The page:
From signatures to action

21 Apr 2016 by Jazmine Burgess, Climate Change Specialist, UNDP

man and woman plantingClimate change requires a global commitment and national level action- neither is mutually exclusive.
When governments gather at the UN to sign the Paris Agreement on Climate Change, an important step will be taken to ensure the ambition, momentum and political will of December’s COP 21. Global buy-in is essential for any international agreement to be successful, but what often receives less attention is the equal importance of concrete action at country level to advance an agreement’s objectives. This is critical for the successful implementation of any agreement, and what makes a document negotiated thousands of miles away a tangible reality and source of support to national governments around the world. … Read more

Laws criminalizing drug possession can cause more harm

20 Apr 2016 by Tenu Avafia, Team Leader, Rights, Law and Treatment Access, HIV, Health and Development and Rebecca Schleifer, Consultant, HIV, Human Rights and the Law

Coca farmers in BoliviaCoca farmers sell coca leaves at a market in Villa 14 de Septiembre village in Bolivia. Photo: Carlos Cazalis/Corbis
In many countries, a criminal record, even for a minor offense, can have serious implications. Being convicted of a crime makes you ineligible for certain jobs, social programmes or benefits or from even being able to exercise your right to vote. UN Secretary-General Ban Ki-moon has identified illicit drugs and crime as a “severe impediment” to achieving sustainable development. But poorly devised drug control policies can also be harmful to people and societies. … Read more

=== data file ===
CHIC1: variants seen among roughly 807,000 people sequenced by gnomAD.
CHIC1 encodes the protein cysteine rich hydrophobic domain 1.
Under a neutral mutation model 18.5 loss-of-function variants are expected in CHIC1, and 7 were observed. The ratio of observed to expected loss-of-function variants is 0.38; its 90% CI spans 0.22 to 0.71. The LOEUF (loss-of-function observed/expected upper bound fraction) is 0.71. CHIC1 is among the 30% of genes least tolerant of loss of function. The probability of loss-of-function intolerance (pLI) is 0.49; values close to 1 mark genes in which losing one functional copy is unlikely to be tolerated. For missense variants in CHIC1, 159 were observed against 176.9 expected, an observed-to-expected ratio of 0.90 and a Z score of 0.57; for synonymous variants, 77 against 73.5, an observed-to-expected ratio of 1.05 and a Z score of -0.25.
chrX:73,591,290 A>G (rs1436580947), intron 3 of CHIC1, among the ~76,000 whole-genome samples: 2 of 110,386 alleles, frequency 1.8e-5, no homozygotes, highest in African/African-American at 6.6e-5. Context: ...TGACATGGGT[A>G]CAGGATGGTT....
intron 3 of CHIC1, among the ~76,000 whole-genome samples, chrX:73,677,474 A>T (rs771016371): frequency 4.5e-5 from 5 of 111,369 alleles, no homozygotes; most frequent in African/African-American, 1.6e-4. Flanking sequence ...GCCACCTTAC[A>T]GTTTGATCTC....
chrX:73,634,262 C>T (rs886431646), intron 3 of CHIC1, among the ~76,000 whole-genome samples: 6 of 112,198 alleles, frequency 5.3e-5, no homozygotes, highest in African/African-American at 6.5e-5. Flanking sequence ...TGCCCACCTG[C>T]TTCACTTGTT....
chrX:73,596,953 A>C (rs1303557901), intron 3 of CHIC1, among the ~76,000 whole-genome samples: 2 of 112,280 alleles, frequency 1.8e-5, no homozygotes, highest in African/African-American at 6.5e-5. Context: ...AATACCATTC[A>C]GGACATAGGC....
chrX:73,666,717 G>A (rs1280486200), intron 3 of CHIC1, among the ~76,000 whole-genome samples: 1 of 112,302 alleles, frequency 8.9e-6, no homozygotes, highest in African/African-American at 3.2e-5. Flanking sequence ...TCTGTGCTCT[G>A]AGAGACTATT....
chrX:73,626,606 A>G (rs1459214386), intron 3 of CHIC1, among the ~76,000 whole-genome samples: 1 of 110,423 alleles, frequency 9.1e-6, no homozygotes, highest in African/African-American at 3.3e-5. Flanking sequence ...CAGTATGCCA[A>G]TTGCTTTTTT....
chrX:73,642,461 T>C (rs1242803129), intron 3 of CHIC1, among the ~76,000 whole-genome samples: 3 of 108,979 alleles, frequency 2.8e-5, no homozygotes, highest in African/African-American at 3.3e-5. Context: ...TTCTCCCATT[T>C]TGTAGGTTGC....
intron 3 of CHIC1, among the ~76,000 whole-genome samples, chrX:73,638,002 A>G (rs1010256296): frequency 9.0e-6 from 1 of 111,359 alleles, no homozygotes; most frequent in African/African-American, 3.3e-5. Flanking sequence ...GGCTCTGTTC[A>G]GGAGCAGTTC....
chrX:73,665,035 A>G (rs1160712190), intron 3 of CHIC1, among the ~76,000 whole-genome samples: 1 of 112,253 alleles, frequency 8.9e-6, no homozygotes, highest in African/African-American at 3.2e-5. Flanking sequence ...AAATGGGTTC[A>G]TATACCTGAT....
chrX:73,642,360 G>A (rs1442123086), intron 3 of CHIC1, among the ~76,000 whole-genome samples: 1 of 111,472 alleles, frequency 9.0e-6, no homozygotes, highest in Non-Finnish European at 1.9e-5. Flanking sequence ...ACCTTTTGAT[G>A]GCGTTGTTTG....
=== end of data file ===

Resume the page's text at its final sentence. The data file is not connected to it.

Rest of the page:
Paris. Women. Now what?

19 Apr 2016 by Allison Towle, Programme Analyst, Climate Change, UNDP

women farmingIn Mali, a women’s collective helps enhance their resilience by strengthening food security. Photo: Imen Meliane / UNDP Mali
Coming off the heels of the climate change negotiations in Paris in December, which led to a momentous agreement for acting collectively on climate change, we have reason to feel proud and energized. Now our focus shifts to how we can support countries in implementing their climate targets or Intended Nationally Determined Contributions (INDCs). This will only be possible if we tap the knowledge, foresight, engagement, and action of all segments of our societies, especially those of women. … Read more

Protecting (scarce) fresh water in the Maldives

15 Apr 2016 by Keti Chachibaia, Regional Technical Specialist for Climate Change Adaptation, UNDP’s Bangkok Regional Hub

man and desalination plantA local Feneka operator stands in front of the desalinization system. Photo: Keti Chachibaia/UNDP Maldives
Water is a big deal in the Maldives. The archipelago nation of 300,000 people is more water than land. But while abundant in ocean resources, the only freshwater is rainwater that is harvested in special collection tanks. But poor rainfall leaves groundwater tables low and harvesting tanks half empty. This leaves many people and communities straining resources to buy bottled water or struggling to get by. A naturally vulnerable situation is only being exacerbated by climate change, as monsoonal cycles and associated rainfall patterns shift over the Indian Ocean. Greater variations are already occurring and the Maldivians, especially in the Northern atolls, experience longer-than-usual dry seasons. As a result, the National Disaster Management Centre is regularly called upon to deliver emergency water. … Read more